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  1. Past hour
  2. Hopefully in all the right places, Vic!
  3. Yesterday
  4. Canny - I remain unconvinced that loads of women were able to benefit directly from the facilities offered in the Mechanics Institutes even where there was a half-price subscription. I suspect that it was only those with some disposable income who could afford the subs; I’m not sure that the vast majority of ‘working poor’ women fell into this group. I can accept that perhaps those women from the ‘trading classes’ – wives and daughters of the butchers, bakers and candle stick makers were the ones who had the time and resources to access these places. The Institutes in the big cities would have had much bigger populations to draw on so the proportion of women wishing, or able, to use the facilities would have been greater. I can’t see many poor wives and mothers in places like Bedlington, enslaved to the tyranny of the poss tub having the time, energy or resources to join the Institutes. Of course, there would have been exceptions but I can’t see it being widespread. My own maternal Grandmother was an exceptional woman who led an incredible life – I’ve posted her story on the Facebook page of her Co.Durham home village … perhaps I might copy it here to illustrate that Victorian/Edwardian working class drive for self-improvement that we’ve been discussing. What do you think?
  5. I still have some of that asbestos!
  6. More Britishvolt news in the Engineer Magazine: https://www.theengineer.co.uk/content/news/britishvolt-acquires-battery-maker-eas-for-36m
  7. I hope that all that dust blowing around Cambois isn't contaminated with residue from decades of industrial use, eg. fly ash, heavy metals, asbestos. Let's not forget the stuff that might have been spread over the site when the place was demolished. That's why I'm suprised that dust monitors and bowsers are only now being deployed ... you'd have thought that a proper site survey would have been conducted BEFORE the ground works began to identify any problems and recommend systems to mitigate the spread of dust.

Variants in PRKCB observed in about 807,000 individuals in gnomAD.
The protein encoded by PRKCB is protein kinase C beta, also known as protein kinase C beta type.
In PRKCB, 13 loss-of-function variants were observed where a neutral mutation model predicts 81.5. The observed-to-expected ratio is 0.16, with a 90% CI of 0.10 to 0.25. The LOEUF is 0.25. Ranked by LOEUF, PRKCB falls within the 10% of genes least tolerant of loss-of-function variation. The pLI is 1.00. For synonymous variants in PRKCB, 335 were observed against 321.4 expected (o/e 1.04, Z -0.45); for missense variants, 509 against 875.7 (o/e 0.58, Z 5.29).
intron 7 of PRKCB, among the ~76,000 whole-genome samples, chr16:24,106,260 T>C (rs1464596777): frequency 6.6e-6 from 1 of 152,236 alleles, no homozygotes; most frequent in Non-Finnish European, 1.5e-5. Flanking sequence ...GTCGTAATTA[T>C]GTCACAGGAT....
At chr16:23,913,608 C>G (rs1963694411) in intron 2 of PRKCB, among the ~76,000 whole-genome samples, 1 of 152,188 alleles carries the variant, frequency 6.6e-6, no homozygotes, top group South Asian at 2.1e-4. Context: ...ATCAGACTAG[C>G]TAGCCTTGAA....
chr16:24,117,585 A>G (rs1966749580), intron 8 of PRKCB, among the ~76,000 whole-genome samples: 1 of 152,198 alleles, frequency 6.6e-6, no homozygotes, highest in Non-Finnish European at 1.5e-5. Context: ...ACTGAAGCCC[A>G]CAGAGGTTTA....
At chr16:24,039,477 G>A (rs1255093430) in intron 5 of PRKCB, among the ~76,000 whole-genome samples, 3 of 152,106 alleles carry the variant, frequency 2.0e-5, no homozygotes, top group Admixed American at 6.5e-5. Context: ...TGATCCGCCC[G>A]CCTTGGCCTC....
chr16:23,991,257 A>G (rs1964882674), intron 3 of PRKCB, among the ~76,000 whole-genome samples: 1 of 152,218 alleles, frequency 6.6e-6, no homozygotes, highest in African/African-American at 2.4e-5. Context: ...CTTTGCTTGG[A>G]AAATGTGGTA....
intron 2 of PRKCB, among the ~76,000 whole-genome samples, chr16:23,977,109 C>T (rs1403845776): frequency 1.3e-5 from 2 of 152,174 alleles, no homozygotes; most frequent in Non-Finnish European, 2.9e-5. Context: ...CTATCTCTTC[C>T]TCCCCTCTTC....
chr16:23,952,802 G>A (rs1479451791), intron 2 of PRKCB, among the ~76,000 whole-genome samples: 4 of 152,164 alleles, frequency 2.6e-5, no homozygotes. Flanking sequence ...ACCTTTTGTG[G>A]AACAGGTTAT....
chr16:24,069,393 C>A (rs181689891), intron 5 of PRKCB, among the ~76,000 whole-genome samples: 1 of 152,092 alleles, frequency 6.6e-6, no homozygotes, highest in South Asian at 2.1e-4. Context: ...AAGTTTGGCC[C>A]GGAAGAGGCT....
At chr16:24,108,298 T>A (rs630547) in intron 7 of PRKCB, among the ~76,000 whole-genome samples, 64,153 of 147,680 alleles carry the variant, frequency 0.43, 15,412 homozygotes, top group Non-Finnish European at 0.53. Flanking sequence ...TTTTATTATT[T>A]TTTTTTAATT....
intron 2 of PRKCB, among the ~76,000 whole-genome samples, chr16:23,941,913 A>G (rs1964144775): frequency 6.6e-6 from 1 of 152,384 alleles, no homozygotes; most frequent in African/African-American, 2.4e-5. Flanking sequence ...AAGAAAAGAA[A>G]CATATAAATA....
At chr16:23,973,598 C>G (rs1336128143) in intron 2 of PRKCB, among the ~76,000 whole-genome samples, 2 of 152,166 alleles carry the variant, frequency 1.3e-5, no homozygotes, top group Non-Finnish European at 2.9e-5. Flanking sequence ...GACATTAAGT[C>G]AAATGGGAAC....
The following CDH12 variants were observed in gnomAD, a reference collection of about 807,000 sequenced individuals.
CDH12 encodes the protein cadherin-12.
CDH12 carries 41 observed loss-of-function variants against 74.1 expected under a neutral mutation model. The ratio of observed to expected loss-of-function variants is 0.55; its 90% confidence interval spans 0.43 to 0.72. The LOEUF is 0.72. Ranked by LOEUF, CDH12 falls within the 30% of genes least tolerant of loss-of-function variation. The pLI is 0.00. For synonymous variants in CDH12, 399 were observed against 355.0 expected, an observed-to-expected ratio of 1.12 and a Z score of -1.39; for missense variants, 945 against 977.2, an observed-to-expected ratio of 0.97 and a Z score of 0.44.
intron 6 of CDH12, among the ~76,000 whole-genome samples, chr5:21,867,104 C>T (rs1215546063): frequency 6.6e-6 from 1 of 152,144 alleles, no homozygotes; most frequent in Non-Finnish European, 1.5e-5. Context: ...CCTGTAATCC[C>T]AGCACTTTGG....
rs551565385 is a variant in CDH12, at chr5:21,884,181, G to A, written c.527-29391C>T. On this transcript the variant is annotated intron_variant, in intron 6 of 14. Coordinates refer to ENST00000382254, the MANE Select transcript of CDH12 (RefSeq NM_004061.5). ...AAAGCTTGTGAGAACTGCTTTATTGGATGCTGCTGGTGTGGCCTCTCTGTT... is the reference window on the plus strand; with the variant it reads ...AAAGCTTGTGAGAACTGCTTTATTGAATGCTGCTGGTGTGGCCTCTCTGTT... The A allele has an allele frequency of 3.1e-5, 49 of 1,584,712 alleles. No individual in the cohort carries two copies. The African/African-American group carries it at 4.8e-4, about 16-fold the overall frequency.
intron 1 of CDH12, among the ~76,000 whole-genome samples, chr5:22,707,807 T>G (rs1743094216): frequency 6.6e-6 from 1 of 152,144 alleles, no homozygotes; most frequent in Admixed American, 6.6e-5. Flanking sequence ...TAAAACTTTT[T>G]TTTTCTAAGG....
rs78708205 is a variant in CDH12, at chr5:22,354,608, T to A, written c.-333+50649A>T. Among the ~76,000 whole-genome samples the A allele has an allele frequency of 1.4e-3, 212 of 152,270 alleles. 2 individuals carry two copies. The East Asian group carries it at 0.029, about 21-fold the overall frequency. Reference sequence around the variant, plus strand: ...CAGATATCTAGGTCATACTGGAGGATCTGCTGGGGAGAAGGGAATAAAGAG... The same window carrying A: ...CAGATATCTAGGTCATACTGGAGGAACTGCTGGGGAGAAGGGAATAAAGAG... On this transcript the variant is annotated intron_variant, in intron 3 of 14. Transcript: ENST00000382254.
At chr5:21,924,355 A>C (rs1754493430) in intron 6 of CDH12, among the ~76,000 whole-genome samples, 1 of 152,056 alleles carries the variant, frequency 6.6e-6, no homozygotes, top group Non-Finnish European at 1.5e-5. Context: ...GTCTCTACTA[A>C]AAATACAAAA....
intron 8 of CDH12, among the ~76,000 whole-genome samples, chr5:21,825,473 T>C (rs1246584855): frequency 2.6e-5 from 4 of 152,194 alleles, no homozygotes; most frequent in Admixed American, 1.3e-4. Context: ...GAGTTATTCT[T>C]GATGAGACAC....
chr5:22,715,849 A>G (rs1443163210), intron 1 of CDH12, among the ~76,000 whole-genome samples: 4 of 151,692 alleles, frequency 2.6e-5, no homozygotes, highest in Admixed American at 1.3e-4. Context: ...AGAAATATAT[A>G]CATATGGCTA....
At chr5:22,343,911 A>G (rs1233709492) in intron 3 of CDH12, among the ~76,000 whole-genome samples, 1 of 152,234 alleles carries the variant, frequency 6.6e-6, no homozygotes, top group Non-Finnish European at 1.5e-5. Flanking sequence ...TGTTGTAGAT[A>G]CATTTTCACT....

8. Last week
  9. @Anne Gilbert @Maggie/915 might be able to tell you. If not then the Bedlington History group should. I believe it was through the History Society that this album was created.
  10. Does anyone know the date of the oldest headstone here? I love looking for the really old ones. And is the church open during the week? I'd like to visit when I'm next up there.
  11. 1939 Register. Are you following the topic "Moore Family"? I think you may be able to help Karen who is looking for one of Alice's sons from her previous marriage.
  12. Pity they weren't able (or willing) to use the existing railhead to load trains to cart the spoil away and bring materials in. Could have spared the locals from all that disruption (and fumes) from the fleet of belching lorries. Or even tipped the stuff into ships! Future 'clean' technology plant built on diesel ... not a good look!
  13. Bike! Shanks's pony more likely.
  14. I suppose most families could have had, or borrowed a bike.
  15. There was also a fine of a few pounds for those who didn't register and that would probably cost more than the busfare.
  16. Registrars also continued to do 'rounds' of villages just as they had done since the 1836 act when registration became their responsibility.
  17. Thankyou - I never knew that👍. I still wonder if every household, prior to Family Allowance, actually made the effort to travel to the registrar's
  18. Eggy, the Registration of Births and Deaths Act of 1874 became effective the following year whereby it became the parent’s responsibility to register the birth of their child within 42 days. Prior to this it was the registrar’s responsibilty.
  19. Checked with one of my cousins who lived in Lily Avenue in the late 1940's through to the late 1960's and unfortunately she can't remember an of the names of the families you have mentioned. - she can remember most of the family names that lived there in the late 1950's. I remember visiting my cousins in Lily avenue in the 1950's. Back then Lily avenue dwellings were flats. My cousins lived in a downstairs flat. I don't know when Google Maps first started adding the house numbers when you search for a particular street but today was the first time I have noticed it (I think) but you can see from the current numbering that they have all been converted into two story houses :-
  20. @Canny lass - I suppose Leslie could have been born anytime prior to when the birth was registered. There wasn't the rush to register prior to Family Allowance being introduced from August 1946. I think many families wouldn't have used their hard earned earnings to travel to the nearest registration office until it was really necessary. Getting from Bedlington to the Morpeth registrars might only have been a yearly event, or even less, for most families in the 1930's. I could be wrong but I don't think there was a statutory period fro birth registrations.
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